What do you have planned for the rest of your campaign – anything for us to look forward to?

We are just about to release what this years merch looks like, we have a local Wellington artist who worked on some incredible images for the event! We are really happy with them and are pretty excited for how they are looking on the range of t-shirts, long sleeve tees and jerseys!

Anything you’d like to shout out to your crowd?

We are totally stoked with the support we have had so far! We have definitely taken this on as a challenge and the support, excitement and encouragement makes it all the more motivating. As mentioned in the campaign blurb, we are donating any money made from the festival once we have paid all our bills to Kaibosh food rescue.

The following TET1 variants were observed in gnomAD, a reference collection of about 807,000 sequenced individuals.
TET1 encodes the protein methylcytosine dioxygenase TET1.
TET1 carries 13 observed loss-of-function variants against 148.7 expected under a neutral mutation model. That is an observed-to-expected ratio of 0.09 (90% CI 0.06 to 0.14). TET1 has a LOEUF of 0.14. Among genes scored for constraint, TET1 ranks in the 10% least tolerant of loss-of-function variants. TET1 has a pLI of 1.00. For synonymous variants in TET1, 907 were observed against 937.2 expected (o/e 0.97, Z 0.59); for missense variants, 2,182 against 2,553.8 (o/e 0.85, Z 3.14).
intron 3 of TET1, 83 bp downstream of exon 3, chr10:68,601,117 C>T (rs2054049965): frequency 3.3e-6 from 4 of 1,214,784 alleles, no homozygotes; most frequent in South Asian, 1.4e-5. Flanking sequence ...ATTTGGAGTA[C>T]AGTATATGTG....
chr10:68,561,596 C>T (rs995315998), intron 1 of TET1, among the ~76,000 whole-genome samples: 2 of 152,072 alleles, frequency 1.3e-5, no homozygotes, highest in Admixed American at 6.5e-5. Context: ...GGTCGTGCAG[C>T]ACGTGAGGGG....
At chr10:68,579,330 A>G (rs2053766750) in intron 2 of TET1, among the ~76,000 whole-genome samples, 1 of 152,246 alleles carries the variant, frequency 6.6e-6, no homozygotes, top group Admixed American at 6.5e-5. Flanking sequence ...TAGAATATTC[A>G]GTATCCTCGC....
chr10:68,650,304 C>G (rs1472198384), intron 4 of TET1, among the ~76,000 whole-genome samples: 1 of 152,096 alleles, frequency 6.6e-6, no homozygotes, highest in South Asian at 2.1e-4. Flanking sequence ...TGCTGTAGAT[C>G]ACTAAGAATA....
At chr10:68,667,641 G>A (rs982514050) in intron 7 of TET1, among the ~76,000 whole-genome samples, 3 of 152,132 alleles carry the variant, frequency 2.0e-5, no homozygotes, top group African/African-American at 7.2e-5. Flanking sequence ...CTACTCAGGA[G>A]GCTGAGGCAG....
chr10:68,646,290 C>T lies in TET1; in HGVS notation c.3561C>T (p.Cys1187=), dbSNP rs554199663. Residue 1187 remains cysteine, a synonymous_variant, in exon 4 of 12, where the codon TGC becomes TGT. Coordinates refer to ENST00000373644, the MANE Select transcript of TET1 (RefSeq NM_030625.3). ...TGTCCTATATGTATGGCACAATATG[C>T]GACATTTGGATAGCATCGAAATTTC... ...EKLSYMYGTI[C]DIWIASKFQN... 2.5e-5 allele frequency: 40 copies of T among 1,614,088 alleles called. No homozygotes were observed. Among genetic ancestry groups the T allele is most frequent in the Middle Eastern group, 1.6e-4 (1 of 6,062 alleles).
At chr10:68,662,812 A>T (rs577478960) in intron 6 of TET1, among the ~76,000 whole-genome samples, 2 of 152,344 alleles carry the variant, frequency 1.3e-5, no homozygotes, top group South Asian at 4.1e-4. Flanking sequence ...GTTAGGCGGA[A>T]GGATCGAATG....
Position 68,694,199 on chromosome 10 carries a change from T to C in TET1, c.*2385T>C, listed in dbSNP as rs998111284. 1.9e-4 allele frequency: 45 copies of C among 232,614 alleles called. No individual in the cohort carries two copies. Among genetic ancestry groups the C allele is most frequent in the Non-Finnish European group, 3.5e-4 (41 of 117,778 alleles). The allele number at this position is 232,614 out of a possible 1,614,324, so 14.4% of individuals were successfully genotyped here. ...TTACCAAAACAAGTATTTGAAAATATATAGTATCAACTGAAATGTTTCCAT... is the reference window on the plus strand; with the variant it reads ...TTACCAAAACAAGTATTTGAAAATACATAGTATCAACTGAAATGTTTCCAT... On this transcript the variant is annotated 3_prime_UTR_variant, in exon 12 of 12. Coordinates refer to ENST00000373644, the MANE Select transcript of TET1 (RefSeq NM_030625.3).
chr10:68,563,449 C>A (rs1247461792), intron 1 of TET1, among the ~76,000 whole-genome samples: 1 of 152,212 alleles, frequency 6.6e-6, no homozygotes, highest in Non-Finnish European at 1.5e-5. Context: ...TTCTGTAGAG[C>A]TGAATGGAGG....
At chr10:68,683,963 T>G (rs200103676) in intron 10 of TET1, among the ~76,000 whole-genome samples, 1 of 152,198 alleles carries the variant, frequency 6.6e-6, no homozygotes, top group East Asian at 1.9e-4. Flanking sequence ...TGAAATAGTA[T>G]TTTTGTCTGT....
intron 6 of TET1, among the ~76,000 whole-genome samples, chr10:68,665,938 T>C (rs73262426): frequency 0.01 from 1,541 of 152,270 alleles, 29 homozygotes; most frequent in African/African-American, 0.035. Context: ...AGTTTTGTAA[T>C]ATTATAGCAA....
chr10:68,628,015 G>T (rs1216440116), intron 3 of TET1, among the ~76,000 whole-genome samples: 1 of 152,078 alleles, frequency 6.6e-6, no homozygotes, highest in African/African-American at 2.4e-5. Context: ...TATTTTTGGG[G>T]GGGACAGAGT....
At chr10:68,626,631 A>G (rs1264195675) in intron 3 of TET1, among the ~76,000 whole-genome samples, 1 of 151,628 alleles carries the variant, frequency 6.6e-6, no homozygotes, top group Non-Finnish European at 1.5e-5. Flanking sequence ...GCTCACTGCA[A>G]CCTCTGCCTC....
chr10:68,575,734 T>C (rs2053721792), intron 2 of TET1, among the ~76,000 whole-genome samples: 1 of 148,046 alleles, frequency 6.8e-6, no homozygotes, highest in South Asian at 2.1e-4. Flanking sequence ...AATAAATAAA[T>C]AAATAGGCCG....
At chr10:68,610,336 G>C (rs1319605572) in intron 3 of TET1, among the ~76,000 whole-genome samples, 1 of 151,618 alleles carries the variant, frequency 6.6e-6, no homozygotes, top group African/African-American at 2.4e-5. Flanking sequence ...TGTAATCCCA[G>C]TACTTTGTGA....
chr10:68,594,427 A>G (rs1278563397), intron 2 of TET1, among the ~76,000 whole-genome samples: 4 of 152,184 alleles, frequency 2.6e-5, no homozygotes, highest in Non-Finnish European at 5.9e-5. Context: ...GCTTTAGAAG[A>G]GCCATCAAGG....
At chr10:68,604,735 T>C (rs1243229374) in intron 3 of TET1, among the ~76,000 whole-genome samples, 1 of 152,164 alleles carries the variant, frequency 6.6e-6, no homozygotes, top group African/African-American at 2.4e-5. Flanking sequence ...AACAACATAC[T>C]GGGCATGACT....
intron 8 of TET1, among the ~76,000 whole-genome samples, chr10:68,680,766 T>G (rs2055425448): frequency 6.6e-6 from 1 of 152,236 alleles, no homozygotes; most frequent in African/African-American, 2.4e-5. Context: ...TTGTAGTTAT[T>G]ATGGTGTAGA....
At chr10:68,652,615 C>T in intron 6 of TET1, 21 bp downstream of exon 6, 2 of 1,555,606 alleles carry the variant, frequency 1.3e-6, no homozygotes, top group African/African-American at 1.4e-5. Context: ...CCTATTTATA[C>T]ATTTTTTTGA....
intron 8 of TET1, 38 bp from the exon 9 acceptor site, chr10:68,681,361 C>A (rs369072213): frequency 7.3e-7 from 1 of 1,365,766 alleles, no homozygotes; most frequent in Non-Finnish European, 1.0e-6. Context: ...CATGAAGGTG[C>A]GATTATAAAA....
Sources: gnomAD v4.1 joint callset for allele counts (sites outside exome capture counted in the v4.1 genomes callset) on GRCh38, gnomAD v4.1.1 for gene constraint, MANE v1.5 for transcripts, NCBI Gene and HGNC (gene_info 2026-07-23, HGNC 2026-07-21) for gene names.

To hop on board and grab your ticket for the Winter Ales Festival, head over and pledge here.

What's Up Wednesday

Gecko Press

One good book can kickstart any child into a life of reading, and Gecko Press wants to create a world where every child loves to read. And the way they plan to do this? A curiously good book club!

Their vision is a digital and real life community, where people can come together to share their favourite books, plan activities and events, and pass on creative tips and tricks to encourage kids to love to read.

But it’s going to cost them at least $50,000 to get it off the ground. They’re investing some of the money, but they need outside help for the rest. In exchange for your pledges, they’re offering everything from an invite to the launch party, to a year’s supply of books delivered to your door! We chatted to Faustine about why you should be getting on board.

Why do you think this campaign is important?